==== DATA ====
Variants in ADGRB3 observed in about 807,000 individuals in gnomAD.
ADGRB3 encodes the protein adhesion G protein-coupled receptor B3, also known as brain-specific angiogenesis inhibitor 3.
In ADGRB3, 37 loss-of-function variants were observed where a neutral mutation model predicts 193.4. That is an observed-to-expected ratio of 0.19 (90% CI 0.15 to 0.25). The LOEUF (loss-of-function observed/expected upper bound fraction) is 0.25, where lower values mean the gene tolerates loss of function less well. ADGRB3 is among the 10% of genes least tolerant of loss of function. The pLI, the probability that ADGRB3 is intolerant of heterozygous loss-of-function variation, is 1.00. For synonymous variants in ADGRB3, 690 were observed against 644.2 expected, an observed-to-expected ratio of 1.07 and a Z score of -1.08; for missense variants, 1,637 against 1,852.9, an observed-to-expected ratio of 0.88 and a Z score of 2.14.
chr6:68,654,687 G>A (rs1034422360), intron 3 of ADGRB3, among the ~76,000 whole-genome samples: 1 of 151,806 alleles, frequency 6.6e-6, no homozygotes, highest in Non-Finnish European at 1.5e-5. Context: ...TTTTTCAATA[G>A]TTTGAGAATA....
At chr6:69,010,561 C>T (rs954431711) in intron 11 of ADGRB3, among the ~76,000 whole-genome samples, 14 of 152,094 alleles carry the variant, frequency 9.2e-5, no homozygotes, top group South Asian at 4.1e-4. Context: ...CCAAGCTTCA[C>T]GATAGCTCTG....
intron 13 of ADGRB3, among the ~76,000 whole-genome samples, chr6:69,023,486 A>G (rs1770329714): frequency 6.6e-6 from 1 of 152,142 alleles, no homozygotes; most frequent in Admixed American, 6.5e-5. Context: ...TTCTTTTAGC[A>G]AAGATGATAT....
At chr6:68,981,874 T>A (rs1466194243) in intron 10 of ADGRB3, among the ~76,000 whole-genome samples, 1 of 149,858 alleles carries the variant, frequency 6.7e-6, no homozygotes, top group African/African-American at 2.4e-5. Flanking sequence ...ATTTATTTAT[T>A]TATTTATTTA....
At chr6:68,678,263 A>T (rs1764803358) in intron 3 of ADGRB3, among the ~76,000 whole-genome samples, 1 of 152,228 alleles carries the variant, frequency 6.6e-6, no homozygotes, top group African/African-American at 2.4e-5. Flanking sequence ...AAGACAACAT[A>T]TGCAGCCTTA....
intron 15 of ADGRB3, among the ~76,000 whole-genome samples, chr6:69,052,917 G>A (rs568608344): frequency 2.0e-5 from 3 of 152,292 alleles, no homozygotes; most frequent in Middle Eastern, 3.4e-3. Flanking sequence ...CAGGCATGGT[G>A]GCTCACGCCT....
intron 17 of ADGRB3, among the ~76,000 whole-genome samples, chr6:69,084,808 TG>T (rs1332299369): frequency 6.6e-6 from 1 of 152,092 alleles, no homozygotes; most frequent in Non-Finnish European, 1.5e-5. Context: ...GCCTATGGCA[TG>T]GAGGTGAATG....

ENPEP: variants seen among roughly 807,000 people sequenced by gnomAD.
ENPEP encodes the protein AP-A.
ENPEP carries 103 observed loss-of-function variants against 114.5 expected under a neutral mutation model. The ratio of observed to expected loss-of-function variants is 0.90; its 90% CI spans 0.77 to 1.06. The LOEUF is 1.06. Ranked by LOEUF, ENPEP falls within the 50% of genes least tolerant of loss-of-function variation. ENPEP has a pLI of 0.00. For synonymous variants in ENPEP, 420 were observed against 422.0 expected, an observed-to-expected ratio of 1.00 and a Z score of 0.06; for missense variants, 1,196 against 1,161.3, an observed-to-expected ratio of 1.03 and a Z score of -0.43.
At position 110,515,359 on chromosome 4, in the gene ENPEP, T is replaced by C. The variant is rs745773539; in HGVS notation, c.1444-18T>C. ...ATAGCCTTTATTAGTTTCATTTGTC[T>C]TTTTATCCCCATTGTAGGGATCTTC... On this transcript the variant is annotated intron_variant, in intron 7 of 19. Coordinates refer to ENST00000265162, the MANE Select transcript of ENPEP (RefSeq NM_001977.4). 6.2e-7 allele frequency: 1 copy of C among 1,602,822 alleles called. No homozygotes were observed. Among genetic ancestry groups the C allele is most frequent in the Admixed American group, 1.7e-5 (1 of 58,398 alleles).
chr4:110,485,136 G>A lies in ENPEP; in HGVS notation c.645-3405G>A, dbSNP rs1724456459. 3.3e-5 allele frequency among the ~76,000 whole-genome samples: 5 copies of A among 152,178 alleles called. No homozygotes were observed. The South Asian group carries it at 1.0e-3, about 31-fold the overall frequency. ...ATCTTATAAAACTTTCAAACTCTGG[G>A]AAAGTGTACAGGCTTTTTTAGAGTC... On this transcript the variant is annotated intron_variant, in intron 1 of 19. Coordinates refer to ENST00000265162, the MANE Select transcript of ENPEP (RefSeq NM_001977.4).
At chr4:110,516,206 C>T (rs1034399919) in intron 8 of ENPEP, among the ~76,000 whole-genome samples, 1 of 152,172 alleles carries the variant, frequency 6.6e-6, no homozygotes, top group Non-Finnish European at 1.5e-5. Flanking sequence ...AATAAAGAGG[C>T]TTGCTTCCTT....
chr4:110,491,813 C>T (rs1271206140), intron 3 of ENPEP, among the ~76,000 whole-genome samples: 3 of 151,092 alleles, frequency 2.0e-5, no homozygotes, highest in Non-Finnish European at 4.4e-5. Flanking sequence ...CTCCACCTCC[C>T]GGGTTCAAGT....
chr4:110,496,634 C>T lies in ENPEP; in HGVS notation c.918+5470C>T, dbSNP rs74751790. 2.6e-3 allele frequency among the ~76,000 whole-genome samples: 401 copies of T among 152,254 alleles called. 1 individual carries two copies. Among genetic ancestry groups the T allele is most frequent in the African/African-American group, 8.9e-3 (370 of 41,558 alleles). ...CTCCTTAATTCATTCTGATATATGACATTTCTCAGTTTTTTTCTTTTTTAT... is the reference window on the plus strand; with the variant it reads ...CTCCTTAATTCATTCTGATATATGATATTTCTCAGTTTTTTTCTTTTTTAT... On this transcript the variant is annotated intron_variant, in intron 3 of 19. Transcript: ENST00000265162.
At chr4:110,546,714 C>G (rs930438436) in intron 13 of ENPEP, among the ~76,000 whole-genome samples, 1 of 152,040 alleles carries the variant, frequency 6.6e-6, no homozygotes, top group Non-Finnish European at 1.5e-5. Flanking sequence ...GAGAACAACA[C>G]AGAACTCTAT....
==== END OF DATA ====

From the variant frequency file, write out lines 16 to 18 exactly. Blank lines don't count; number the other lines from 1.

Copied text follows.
At chr4:110,516,206 C>T (rs1034399919) in intron 8 of ENPEP, among the ~76,000 whole-genome samples, 1 of 152,172 alleles carries the variant, frequency 6.6e-6, no homozygotes, top group Non-Finnish European at 1.5e-5. Flanking sequence ...AATAAAGAGG[C>T]TTGCTTCCTT....
chr4:110,491,813 C>T (rs1271206140), intron 3 of ENPEP, among the ~76,000 whole-genome samples: 3 of 151,092 alleles, frequency 2.0e-5, no homozygotes, highest in Non-Finnish European at 4.4e-5. Flanking sequence ...CTCCACCTCC[C>T]GGGTTCAAGT....
chr4:110,496,634 C>T lies in ENPEP; in HGVS notation c.918+5470C>T, dbSNP rs74751790. 2.6e-3 allele frequency among the ~76,000 whole-genome samples: 401 copies of T among 152,254 alleles called. 1 individual carries two copies. Among genetic ancestry groups the T allele is most frequent in the African/African-American group, 8.9e-3 (370 of 41,558 alleles). ...CTCCTTAATTCATTCTGATATATGACATTTCTCAGTTTTTTTCTTTTTTAT... is the reference window on the plus strand; with the variant it reads ...CTCCTTAATTCATTCTGATATATGATATTTCTCAGTTTTTTTCTTTTTTAT... On this transcript the variant is annotated intron_variant, in intron 3 of 19. Transcript: ENST00000265162.